1794, so much to answer for

I’m not sure where this is pointing, but I think it’s the future.

A strange cast of people have occupied my reading in recent months – English and French, writers and scientists, aristocrats and hackers. Now, like a Heroes season finale, I find them converging on a single year.

To keep track of the people and places I scribbled a map. On the right, my six-year-old son has added, with relish, a depiction of the Battle of Fleurus. More on that further on.

The story goes like this.

On February 22, Joseph Priestley, radical preacher and discoverer of oxygen, resigns his nonconformist ministry in Hackney, London, shortly to leave Britain for America.

After the destruction of his Birmingham home and laboratory by a loyalist mob in 1791 Priestley considered a move to France. But three years on, the revolution is devouring its children. Camille Desmoulins, the journalist whose cry “to arms!” sparked the storming of the Bastille, goes to the guillotine in Paris on 5 April, along with his political mentor Georges Danton and 13 others. Their crime – arguing for restraint against Maximilien Robespierre’s violent faction.

On 8 April, Priestley and his family board the Samson to sail from Gravesend. Six days later, the radical London Corresponding Society holds a mass meeting at Chalk Farm, with the writer and orator John Thelwall as master of ceremonies. As Robespierre’s terror grows in Paris, William Pitt’s British government begins a clampdown of its own.

Throughout the summer the panic spreads. We find advertised in the  Leeds Intelligencer of 12 May: ‘Just published, price sixpence, a concise sketch of the intended revolution in England with a few hints on the obvious methods to avert it.’

Is Priestley, mid-Atlantic, completely incommunicado during May? How soon after his arrival in New York on 4 June does he hear of the arrest of  Thelwall and other LCS leaders, and of the execution in Paris of Antoine Lavoisier, the aristocratic chemist who named the gas that Priestley had isolated? Are Priestley’s American hosts aware of Lavoisier’s role in improving the quality of the gunpowder which they used just a few years earlier to win independence from the British?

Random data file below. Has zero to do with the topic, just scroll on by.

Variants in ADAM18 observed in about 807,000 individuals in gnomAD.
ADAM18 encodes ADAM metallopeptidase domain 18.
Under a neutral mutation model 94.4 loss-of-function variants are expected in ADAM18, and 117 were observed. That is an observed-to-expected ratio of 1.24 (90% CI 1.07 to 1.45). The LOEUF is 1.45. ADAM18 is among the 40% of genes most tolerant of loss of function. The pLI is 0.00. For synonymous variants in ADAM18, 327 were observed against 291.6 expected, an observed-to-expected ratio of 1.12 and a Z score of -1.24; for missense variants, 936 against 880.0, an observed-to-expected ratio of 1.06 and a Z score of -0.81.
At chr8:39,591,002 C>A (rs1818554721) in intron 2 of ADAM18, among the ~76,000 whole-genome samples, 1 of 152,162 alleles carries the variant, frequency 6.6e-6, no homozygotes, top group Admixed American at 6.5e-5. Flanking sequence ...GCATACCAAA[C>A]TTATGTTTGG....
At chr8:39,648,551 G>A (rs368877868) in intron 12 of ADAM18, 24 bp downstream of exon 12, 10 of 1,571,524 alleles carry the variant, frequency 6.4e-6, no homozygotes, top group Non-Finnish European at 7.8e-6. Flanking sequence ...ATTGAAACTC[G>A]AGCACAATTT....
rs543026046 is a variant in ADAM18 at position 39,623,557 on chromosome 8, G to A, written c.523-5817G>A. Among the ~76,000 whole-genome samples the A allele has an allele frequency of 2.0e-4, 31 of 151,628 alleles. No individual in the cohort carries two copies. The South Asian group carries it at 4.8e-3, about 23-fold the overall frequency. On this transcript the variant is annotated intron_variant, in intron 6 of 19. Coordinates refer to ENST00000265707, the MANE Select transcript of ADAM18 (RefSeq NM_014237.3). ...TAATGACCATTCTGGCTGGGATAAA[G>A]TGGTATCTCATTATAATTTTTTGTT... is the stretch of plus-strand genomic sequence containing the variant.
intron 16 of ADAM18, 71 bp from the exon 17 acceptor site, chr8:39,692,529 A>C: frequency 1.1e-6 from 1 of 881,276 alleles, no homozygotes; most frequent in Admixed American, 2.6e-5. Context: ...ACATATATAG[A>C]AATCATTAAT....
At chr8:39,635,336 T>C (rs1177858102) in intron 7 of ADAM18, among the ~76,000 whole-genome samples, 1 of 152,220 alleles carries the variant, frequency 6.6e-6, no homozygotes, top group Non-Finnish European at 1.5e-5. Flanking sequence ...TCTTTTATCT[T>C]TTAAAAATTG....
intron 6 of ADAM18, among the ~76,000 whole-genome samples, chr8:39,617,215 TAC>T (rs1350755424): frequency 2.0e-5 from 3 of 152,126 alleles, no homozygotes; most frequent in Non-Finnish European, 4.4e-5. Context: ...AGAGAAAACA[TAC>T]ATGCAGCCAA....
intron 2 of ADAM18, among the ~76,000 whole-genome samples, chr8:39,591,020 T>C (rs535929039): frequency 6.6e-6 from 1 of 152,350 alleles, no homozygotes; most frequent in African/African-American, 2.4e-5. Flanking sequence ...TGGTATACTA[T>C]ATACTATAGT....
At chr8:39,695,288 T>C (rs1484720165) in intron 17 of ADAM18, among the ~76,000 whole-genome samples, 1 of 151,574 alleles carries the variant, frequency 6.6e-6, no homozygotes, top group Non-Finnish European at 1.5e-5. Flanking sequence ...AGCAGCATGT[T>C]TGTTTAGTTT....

On 26 June, France’s revolutionary army takes Fleurus after the hot air balloon l’Entrprenant provides vital reconnaissance, the world’s first decisive use of aircraft in warfare. Imagine being among the first in human history to see the world from above.

On 28 July Robespierre himself goes to the guillotine, but the war goes on.

On 15 August Claude Chappe ushers in the age of communication at the speed of light, by sending a semafore message over a series of towers from Lille to Paris reporting on the capture of Le Quesnoy from Prussian and Austrian forces. The invention is called the “telegraph”.

Somewhere in hiding, having been on the losing side in the siege of Lyon a year earlier, is the impoverished weaver Joseph Marie Jacquard. Soon he will switch sides and gain the attention of Napoleon Bonaparte with his machine for weaving complex patterns in silk using programs stored on punched cards.

Back in Britain’s rapidly industrialising north, rival start-ups are forming to exploit the new energy technology of steam.

In Leeds, where Priestley first isolated the component parts of air, Matthew Murray and David Wood are planning the construction of the Round Foundry, the world’s first purpose-built engineering works.

In Birmingham, home of Priestley patrons the Lunar Club, Matthew Boulton and James Watt are founding the business that will carry their names around the world. Later, they will send spies to Leeds and buy up the land adjacent to the Round Foundry to stop Murray and Wood expanding.

How did it feel for Murray to leave Marshall’s Mill, of which he was the chief engineer, to set up his own business doing something no one had ever done before? Was it all the more intimidating to do so in a time of war, with the threat of revolution in the air?

On 28 October Thelwall and the other LCS leaders go on trial at the Old Baileycharged with high treason. In essence, the prosecution argued that they sought ot overthrow the Crown and institute a Jacobin terror in Britain

But on 5 December – 10 months to the day after his counterpart Desmoulins lost his life – Thelwall is acquitted, saying he sought change “by peaceable means, by reason alone”. Thelwall goes on the be a thorn in the side of an increasingly repressive government, a champion of democratic government, and a critical commentator on the living conditions of the industrial cities.

1794, so much to answer for. I feel an e-book coming on.

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